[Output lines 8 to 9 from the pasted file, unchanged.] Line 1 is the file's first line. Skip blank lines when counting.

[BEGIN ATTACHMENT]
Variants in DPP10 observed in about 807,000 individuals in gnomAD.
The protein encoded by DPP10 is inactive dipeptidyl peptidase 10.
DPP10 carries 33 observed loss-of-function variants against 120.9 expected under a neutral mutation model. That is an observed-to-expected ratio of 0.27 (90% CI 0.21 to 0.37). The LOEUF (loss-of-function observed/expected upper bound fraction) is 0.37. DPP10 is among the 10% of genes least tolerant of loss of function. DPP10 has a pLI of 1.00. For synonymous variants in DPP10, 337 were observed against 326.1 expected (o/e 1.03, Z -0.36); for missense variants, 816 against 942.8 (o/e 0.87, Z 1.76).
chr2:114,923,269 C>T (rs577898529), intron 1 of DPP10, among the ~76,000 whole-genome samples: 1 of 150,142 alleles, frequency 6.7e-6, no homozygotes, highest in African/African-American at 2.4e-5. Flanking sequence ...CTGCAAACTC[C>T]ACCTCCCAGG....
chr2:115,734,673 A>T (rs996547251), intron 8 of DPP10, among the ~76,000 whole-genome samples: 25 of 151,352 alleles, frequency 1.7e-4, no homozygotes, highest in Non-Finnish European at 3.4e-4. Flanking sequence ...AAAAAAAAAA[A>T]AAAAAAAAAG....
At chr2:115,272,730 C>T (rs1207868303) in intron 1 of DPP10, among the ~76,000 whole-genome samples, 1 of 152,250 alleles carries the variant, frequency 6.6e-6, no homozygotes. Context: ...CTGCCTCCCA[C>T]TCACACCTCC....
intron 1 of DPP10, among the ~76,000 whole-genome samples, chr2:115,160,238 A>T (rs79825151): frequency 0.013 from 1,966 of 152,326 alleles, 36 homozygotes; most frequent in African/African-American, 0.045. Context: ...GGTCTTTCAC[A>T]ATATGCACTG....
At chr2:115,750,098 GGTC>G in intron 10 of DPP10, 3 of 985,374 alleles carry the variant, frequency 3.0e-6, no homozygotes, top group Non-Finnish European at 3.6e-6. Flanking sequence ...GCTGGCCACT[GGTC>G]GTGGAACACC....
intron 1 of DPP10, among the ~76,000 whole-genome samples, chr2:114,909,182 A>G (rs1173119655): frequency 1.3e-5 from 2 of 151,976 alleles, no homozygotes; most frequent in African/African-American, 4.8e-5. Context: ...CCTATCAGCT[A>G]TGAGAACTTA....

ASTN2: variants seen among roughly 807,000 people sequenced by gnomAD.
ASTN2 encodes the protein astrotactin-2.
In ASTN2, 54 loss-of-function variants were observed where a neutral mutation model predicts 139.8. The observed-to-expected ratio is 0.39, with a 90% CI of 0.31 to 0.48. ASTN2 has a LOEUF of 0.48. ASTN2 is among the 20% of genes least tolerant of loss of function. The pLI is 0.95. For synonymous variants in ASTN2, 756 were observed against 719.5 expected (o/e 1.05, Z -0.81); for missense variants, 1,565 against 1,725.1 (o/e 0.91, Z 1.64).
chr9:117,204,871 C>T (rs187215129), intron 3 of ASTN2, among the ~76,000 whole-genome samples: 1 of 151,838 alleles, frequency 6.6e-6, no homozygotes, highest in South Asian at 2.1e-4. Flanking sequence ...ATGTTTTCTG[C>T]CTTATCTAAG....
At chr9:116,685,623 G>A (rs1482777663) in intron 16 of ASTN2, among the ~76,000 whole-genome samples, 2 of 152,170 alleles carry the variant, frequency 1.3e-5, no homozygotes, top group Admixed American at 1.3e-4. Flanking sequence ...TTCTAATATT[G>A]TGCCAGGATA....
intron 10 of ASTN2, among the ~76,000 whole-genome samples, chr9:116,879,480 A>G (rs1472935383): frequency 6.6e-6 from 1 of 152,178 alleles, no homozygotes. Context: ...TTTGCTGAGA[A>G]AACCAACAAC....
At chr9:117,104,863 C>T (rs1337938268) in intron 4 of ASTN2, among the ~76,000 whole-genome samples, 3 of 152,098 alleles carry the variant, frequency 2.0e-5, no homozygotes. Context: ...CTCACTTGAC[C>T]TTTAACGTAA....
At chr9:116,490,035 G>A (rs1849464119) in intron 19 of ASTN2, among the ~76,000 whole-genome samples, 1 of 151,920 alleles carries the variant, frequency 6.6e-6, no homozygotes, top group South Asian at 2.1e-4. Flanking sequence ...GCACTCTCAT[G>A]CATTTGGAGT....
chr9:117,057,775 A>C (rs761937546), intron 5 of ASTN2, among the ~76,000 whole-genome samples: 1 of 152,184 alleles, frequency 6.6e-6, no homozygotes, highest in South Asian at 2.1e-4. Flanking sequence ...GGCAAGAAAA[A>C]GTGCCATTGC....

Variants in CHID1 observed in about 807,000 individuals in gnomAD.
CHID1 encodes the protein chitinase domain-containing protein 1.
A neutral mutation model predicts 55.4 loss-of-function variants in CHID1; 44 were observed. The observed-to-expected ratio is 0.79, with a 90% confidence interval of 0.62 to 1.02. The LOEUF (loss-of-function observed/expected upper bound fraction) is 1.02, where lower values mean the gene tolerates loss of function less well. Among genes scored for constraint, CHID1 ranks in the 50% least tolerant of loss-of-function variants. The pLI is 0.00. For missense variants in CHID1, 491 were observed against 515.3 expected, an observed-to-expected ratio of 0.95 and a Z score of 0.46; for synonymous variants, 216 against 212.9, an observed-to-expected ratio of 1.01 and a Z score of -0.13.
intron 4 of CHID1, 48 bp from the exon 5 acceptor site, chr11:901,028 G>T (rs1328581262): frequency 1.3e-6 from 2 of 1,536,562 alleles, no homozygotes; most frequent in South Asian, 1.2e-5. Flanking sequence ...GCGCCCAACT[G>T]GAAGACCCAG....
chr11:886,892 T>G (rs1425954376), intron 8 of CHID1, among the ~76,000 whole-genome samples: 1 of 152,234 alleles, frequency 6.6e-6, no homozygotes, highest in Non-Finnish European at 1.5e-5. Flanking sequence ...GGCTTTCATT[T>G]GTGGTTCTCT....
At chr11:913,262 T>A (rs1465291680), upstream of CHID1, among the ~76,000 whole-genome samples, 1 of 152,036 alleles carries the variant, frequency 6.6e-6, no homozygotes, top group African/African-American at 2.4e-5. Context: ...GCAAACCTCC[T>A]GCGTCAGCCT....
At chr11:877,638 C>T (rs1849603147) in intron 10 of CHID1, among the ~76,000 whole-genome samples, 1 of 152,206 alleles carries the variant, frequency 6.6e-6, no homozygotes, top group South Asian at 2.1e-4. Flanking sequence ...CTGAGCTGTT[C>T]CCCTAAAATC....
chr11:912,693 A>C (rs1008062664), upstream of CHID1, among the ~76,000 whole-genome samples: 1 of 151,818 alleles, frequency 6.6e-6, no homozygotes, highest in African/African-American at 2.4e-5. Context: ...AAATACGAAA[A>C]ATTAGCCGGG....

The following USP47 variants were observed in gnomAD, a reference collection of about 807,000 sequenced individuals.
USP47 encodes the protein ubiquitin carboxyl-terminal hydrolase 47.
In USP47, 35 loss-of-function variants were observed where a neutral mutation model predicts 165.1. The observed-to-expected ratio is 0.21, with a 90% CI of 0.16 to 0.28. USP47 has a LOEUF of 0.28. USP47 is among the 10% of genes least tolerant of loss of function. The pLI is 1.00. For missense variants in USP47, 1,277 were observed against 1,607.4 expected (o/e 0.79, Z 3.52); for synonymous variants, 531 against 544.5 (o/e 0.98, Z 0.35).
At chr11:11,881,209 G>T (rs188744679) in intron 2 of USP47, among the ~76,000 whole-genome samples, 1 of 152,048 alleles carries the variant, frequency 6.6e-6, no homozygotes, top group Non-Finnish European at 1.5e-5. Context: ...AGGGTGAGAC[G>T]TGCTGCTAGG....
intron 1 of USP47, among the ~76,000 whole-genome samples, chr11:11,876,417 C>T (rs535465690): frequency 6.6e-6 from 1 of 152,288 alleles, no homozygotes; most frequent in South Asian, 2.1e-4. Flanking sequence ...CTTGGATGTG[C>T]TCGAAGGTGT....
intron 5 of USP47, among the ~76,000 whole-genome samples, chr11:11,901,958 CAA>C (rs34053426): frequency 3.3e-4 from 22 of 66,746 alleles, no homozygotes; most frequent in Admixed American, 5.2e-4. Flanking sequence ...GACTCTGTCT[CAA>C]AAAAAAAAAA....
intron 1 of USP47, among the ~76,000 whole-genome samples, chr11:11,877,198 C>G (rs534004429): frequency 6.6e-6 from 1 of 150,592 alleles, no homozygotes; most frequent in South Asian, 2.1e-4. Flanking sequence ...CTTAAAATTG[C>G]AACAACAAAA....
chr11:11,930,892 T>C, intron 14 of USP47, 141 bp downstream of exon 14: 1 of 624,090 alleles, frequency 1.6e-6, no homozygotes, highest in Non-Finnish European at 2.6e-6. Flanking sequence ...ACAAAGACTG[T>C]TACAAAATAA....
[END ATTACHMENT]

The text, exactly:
At chr2:115,750,098 GGTC>G in intron 10 of DPP10, 3 of 985,374 alleles carry the variant, frequency 3.0e-6, no homozygotes, top group Non-Finnish European at 3.6e-6. Flanking sequence ...GCTGGCCACT[GGTC>G]GTGGAACACC....
intron 1 of DPP10, among the ~76,000 whole-genome samples, chr2:114,909,182 A>G (rs1173119655): frequency 1.3e-5 from 2 of 151,976 alleles, no homozygotes; most frequent in African/African-American, 4.8e-5. Context: ...CCTATCAGCT[A>G]TGAGAACTTA....